Apparel & Accessories

Reviewed: Poc Do Blade sunglasses

The Do Blade provides ample coverage and good fit, but it doesn't always vent well enough for hot, sweaty climbs

I have a conundrum. With contact lenses in both eyes (toric as well, if you’re really curious), I need good eye protection. I’ve lost contacts on fast descents. That’s no fun.

But I can’t just wear ski goggles. Because I sweat. A lot.

Poc’s Do Blade sunglasses come pretty close to offering me the protection and ventilation I need.

Lens

The Do Blade comes with two sets of lenses, which covered nearly any light condition one might encounter. The dark, mirrored lens was great in bright Colorado sun. I picked the violet tint for cloudy days, or mountain bike rides in thick trees.

Both options offered very good optics and clarity, a testament to Poc’s Zeiss lenses.

In order to swap lenses, you have to flex a small strut on the frame, above the nose bridge. This process is doable, but usually led to fingerprints on the lens. I still think that Smith’s Pivlock offers the industry’s best lens-swapping system.

Poc has designed narrow vents at the top of the lens. While the venting may help to a point, the Do Blade allowed little air to filter behind the shield, for better or for worse.

Fit

The Do Blade provides coverage — lots of coverage. On one hand, that means you’ll probably want to stuff them in your helmet vents on hot, clammy, slow climbs. Fortunately, the temples on these glasses tend to slot nicely into many helmets, even those that sometimes don’t play nice with other shades, like the Lazer Z1.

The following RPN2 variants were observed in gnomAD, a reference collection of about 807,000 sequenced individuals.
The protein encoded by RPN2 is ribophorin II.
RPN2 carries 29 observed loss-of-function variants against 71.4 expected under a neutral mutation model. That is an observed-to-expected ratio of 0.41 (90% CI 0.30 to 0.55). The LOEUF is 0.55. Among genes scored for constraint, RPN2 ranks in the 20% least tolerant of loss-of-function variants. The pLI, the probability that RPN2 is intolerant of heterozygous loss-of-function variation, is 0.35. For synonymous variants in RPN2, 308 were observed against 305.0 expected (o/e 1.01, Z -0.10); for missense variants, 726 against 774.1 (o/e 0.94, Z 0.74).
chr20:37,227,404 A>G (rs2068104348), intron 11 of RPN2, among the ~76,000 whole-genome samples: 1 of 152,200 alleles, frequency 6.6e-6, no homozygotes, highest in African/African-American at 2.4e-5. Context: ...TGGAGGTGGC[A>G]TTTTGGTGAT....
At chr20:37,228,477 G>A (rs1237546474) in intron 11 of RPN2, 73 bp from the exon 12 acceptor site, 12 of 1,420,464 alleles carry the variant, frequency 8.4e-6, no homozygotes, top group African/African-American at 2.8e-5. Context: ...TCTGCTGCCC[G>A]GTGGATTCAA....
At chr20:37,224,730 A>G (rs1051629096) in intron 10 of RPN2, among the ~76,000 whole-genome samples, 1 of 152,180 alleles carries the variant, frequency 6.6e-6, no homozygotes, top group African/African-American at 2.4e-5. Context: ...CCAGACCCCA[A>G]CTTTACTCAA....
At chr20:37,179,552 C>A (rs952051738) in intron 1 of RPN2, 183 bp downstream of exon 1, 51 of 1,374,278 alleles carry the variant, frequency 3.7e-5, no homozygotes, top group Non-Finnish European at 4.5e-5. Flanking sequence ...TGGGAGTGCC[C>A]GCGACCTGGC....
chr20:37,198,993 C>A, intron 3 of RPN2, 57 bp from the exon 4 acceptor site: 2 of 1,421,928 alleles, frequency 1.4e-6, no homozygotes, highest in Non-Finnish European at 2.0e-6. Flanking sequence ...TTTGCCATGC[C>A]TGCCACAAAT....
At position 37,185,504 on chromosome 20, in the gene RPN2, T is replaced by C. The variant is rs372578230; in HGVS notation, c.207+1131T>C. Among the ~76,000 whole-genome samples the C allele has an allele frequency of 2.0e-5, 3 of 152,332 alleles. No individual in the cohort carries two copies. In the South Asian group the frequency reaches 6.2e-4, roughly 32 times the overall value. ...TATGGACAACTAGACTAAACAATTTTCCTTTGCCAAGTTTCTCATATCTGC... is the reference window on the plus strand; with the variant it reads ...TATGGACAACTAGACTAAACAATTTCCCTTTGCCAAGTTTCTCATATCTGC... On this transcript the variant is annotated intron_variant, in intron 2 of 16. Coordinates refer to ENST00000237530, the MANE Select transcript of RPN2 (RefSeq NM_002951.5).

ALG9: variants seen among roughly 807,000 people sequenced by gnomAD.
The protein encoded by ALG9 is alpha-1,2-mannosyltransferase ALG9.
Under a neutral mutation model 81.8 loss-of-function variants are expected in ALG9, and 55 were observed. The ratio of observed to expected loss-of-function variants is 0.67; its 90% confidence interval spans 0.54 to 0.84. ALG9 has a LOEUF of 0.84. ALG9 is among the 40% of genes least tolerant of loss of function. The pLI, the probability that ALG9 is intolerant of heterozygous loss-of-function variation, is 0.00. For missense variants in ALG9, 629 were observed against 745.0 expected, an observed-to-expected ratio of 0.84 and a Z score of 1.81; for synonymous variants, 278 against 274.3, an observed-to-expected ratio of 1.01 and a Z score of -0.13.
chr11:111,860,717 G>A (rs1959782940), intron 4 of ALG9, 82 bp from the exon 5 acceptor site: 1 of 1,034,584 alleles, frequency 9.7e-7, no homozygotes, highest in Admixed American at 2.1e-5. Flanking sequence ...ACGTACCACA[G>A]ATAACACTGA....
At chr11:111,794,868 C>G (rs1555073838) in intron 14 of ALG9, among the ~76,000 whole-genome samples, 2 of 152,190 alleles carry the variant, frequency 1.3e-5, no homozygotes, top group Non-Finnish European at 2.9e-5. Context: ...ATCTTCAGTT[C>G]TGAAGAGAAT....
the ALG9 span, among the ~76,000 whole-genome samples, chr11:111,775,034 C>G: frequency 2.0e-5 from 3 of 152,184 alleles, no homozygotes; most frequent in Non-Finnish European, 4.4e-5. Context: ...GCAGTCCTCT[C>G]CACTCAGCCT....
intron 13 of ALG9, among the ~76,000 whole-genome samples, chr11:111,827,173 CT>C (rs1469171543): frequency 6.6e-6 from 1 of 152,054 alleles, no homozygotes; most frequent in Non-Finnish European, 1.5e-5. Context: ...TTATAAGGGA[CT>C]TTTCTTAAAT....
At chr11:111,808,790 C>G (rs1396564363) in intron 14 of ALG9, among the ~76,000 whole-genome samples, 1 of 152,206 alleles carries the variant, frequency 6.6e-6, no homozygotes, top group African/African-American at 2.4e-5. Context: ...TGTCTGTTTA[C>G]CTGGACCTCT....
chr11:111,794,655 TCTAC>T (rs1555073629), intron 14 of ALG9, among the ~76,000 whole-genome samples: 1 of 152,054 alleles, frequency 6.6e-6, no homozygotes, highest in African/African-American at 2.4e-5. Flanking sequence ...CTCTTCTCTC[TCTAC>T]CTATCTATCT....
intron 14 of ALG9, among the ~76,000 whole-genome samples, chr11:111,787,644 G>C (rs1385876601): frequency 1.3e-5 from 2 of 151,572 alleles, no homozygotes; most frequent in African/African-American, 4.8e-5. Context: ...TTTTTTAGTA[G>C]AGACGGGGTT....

On the other hand, for ripping road descents or rainy weather, they keep your eyes well protected.

To a certain extent, you can adjust how close the glasses fit on your face with the flexible nosepiece. Although the material on this feature is grippy, the glasses started to move around a little bit when I got really sweaty.

The temples bulge outward, allowing you to wear them over helmet straps that attach directly to a helmet shell. Not coincidentally, this means they fit nicely over the straps on Poc’s Octal helmet.

Though the nosepiece could do with a little more grip, the temples firmly cling to the sides of your head and appear to have slightly stickier rubber. This noticeably improves fit and stability.

I don’t usually like sunglasses with frames that encircle the lens, but fortunately those on the Do Blade don’t significantly impair peripheral vision.

Poc’s signature cycling shield is a great option if you need more coverage. However, the Do Blade is at its best when temperatures are cool and speeds are quick. They just don’t vent effectively enough for hot, slow climbs.

Retail price: $230
What we like: Full coverage, comfortable fit, and good optics.
What we don’t: Too much coverage for hot, slow climbs, swapping lenses is a little troublesome.